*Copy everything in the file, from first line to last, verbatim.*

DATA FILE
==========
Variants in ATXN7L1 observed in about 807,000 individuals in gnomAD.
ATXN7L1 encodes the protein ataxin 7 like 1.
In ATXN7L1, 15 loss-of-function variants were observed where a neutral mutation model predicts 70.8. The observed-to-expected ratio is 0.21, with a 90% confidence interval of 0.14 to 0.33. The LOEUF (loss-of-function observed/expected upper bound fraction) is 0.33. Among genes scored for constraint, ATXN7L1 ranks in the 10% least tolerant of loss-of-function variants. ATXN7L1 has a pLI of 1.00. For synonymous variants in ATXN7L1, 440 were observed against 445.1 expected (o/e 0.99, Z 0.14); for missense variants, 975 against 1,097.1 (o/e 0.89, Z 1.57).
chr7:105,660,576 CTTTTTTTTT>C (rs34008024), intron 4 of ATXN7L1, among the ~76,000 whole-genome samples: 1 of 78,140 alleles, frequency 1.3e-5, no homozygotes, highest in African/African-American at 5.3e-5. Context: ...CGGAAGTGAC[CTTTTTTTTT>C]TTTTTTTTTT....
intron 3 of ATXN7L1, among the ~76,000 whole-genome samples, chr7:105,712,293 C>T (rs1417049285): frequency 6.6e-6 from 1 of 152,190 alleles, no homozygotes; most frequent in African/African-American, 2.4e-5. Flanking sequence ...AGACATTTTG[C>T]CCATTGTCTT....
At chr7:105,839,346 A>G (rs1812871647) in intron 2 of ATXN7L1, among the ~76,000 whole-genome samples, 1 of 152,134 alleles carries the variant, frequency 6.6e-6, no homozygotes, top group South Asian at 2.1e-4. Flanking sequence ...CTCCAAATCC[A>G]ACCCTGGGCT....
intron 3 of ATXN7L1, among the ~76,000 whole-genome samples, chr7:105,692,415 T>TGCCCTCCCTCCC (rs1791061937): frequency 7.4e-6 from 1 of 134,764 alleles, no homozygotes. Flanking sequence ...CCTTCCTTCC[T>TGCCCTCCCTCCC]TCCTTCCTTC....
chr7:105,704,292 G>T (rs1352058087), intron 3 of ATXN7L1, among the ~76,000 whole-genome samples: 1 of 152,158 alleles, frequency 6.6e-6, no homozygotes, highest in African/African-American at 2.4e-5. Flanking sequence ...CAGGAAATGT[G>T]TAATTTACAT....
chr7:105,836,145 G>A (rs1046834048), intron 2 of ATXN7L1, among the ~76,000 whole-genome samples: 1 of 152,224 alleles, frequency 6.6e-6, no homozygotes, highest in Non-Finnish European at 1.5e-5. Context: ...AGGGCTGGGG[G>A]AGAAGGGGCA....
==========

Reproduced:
Variants in ATXN7L1 observed in about 807,000 individuals in gnomAD.
ATXN7L1 encodes the protein ataxin 7 like 1.
In ATXN7L1, 15 loss-of-function variants were observed where a neutral mutation model predicts 70.8. The observed-to-expected ratio is 0.21, with a 90% confidence interval of 0.14 to 0.33. The LOEUF (loss-of-function observed/expected upper bound fraction) is 0.33. Among genes scored for constraint, ATXN7L1 ranks in the 10% least tolerant of loss-of-function variants. ATXN7L1 has a pLI of 1.00. For synonymous variants in ATXN7L1, 440 were observed against 445.1 expected (o/e 0.99, Z 0.14); for missense variants, 975 against 1,097.1 (o/e 0.89, Z 1.57).
chr7:105,660,576 CTTTTTTTTT>C (rs34008024), intron 4 of ATXN7L1, among the ~76,000 whole-genome samples: 1 of 78,140 alleles, frequency 1.3e-5, no homozygotes, highest in African/African-American at 5.3e-5. Context: ...CGGAAGTGAC[CTTTTTTTTT>C]TTTTTTTTTT....
intron 3 of ATXN7L1, among the ~76,000 whole-genome samples, chr7:105,712,293 C>T (rs1417049285): frequency 6.6e-6 from 1 of 152,190 alleles, no homozygotes; most frequent in African/African-American, 2.4e-5. Flanking sequence ...AGACATTTTG[C>T]CCATTGTCTT....
At chr7:105,839,346 A>G (rs1812871647) in intron 2 of ATXN7L1, among the ~76,000 whole-genome samples, 1 of 152,134 alleles carries the variant, frequency 6.6e-6, no homozygotes, top group South Asian at 2.1e-4. Flanking sequence ...CTCCAAATCC[A>G]ACCCTGGGCT....
intron 3 of ATXN7L1, among the ~76,000 whole-genome samples, chr7:105,692,415 T>TGCCCTCCCTCCC (rs1791061937): frequency 7.4e-6 from 1 of 134,764 alleles, no homozygotes. Flanking sequence ...CCTTCCTTCC[T>TGCCCTCCCTCCC]TCCTTCCTTC....
chr7:105,704,292 G>T (rs1352058087), intron 3 of ATXN7L1, among the ~76,000 whole-genome samples: 1 of 152,158 alleles, frequency 6.6e-6, no homozygotes, highest in African/African-American at 2.4e-5. Flanking sequence ...CAGGAAATGT[G>T]TAATTTACAT....
chr7:105,836,145 G>A (rs1046834048), intron 2 of ATXN7L1, among the ~76,000 whole-genome samples: 1 of 152,224 alleles, frequency 6.6e-6, no homozygotes, highest in Non-Finnish European at 1.5e-5. Context: ...AGGGCTGGGG[G>A]AGAAGGGGCA....